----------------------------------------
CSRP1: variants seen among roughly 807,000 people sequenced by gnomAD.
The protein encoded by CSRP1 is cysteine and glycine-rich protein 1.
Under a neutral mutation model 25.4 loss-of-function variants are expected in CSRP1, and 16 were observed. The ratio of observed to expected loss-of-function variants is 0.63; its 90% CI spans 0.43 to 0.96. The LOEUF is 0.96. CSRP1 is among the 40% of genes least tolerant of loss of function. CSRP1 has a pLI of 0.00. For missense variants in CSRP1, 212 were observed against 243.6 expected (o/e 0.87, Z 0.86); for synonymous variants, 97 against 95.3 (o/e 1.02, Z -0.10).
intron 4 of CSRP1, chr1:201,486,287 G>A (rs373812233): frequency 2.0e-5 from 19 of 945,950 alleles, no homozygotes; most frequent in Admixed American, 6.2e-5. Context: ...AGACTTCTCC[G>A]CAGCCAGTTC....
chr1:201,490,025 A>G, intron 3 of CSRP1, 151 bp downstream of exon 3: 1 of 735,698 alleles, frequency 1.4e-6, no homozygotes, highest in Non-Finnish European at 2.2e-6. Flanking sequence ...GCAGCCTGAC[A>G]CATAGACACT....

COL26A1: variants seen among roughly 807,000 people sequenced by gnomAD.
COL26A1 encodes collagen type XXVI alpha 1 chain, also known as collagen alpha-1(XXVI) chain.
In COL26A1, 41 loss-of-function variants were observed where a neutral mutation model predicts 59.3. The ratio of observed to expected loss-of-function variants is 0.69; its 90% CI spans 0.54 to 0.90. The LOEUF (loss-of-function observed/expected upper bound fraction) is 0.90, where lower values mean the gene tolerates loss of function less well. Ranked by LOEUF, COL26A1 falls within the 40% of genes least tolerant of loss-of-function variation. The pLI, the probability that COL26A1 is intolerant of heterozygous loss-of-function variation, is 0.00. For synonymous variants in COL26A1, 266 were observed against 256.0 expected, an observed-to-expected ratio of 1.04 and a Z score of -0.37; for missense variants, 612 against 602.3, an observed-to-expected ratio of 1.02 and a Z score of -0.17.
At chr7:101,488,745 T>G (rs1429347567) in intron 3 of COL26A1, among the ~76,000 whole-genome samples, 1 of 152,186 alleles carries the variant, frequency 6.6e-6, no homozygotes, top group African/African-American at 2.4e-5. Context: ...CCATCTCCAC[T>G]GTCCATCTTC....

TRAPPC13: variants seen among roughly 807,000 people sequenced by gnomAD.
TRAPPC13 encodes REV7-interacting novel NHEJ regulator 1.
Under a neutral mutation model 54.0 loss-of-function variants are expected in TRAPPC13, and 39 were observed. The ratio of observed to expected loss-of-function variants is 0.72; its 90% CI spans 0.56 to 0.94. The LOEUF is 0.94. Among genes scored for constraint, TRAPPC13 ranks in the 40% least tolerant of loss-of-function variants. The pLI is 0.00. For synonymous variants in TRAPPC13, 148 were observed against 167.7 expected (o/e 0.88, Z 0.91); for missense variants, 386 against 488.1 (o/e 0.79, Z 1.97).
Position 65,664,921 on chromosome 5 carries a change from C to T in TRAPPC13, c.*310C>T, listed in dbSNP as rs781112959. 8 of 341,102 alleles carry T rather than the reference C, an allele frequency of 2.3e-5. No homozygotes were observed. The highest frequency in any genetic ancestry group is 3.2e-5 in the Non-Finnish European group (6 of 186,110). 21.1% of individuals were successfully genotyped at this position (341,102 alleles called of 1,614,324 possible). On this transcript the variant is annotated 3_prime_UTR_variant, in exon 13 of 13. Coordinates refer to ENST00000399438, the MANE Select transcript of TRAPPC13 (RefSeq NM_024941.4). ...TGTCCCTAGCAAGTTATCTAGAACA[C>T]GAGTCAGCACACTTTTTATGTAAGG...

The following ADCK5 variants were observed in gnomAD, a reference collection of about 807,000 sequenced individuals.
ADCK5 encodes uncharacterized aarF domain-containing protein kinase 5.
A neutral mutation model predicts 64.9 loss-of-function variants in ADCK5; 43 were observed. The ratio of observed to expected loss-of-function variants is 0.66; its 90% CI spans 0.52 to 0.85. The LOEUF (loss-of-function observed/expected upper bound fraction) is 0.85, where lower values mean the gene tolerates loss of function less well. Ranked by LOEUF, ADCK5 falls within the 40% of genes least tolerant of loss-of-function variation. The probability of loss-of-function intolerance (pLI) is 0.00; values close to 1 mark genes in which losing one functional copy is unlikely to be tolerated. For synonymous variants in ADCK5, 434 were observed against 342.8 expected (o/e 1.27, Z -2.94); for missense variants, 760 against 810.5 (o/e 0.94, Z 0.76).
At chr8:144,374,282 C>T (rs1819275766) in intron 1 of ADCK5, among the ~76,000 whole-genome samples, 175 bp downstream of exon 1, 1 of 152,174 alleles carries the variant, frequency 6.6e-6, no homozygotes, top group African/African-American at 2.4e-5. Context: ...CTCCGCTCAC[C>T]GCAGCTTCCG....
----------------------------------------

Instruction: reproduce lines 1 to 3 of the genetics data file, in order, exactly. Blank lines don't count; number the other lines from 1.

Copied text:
CSRP1: variants seen among roughly 807,000 people sequenced by gnomAD.
The protein encoded by CSRP1 is cysteine and glycine-rich protein 1.
Under a neutral mutation model 25.4 loss-of-function variants are expected in CSRP1, and 16 were observed. The ratio of observed to expected loss-of-function variants is 0.63; its 90% CI spans 0.43 to 0.96. The LOEUF is 0.96. CSRP1 is among the 40% of genes least tolerant of loss of function. CSRP1 has a pLI of 0.00. For missense variants in CSRP1, 212 were observed against 243.6 expected (o/e 0.87, Z 0.86); for synonymous variants, 97 against 95.3 (o/e 1.02, Z -0.10).